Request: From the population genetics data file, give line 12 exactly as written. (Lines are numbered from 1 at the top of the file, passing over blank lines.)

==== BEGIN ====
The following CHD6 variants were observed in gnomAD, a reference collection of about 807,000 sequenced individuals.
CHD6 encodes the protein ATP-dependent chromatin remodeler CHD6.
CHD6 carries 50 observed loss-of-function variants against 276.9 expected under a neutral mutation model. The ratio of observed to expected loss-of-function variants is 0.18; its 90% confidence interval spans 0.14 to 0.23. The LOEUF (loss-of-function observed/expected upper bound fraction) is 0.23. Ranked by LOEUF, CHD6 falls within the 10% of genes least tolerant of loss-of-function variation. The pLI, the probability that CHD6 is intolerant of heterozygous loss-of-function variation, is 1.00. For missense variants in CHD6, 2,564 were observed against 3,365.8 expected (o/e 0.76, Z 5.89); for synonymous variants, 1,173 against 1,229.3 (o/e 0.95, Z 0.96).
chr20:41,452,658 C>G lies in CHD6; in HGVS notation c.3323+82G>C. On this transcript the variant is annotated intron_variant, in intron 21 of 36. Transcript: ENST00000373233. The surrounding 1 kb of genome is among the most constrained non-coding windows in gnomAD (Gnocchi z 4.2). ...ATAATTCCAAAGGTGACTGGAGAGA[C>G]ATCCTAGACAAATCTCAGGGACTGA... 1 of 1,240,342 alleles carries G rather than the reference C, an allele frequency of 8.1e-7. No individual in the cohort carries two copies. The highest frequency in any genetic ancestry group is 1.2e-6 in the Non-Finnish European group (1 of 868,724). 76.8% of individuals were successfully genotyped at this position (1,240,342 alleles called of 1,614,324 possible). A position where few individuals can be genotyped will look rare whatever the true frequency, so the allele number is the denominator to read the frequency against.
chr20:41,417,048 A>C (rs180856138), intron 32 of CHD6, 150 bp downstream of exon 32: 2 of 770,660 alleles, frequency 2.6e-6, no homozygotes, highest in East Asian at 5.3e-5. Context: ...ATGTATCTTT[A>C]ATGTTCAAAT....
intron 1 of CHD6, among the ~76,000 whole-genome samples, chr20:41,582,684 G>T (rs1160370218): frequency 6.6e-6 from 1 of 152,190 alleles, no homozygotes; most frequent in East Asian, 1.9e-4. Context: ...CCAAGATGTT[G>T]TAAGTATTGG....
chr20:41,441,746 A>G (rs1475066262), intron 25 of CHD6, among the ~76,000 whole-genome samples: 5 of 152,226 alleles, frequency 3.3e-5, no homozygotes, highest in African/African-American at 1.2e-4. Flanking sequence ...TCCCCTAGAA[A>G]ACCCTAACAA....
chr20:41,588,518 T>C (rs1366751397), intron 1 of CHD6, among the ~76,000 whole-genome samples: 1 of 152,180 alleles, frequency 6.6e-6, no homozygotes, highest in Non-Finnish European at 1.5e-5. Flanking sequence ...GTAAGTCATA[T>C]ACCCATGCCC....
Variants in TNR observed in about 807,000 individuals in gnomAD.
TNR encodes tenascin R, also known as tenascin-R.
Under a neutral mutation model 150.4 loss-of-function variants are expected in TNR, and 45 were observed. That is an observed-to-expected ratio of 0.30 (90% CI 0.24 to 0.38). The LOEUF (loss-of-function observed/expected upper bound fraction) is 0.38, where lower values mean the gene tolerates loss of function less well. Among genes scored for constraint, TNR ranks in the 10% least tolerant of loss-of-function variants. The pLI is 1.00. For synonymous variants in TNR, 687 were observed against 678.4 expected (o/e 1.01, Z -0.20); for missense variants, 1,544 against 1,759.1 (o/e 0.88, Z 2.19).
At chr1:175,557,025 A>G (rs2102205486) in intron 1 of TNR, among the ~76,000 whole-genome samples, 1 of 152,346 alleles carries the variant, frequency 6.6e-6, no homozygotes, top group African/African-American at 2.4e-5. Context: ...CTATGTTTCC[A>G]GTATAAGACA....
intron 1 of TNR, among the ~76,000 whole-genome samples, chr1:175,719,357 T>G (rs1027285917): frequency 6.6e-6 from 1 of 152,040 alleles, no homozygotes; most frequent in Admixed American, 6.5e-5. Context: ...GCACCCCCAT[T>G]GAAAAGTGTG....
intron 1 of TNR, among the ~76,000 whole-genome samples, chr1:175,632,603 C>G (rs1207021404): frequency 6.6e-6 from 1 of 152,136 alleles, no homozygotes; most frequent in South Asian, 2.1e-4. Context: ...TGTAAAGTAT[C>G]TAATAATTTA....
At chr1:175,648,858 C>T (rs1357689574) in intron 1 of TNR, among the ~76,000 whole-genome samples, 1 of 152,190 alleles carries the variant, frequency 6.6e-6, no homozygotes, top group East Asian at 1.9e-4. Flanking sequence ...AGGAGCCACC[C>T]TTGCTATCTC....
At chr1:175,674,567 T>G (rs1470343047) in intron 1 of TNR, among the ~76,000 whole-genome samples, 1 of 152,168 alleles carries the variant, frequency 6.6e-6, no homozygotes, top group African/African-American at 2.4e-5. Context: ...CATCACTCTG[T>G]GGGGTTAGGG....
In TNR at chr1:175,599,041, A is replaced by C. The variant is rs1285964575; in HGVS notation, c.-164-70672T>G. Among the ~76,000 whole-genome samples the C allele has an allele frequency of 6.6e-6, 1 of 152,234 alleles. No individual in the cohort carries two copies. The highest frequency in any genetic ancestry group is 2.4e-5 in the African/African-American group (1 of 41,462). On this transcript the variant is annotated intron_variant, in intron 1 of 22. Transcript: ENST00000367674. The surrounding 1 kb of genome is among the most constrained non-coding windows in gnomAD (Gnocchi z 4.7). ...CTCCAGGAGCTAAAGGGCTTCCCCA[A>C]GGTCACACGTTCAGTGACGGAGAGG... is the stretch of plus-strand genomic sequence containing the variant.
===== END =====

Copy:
At chr1:175,557,025 A>G (rs2102205486) in intron 1 of TNR, among the ~76,000 whole-genome samples, 1 of 152,346 alleles carries the variant, frequency 6.6e-6, no homozygotes, top group African/African-American at 2.4e-5. Context: ...CTATGTTTCC[A>G]GTATAAGACA....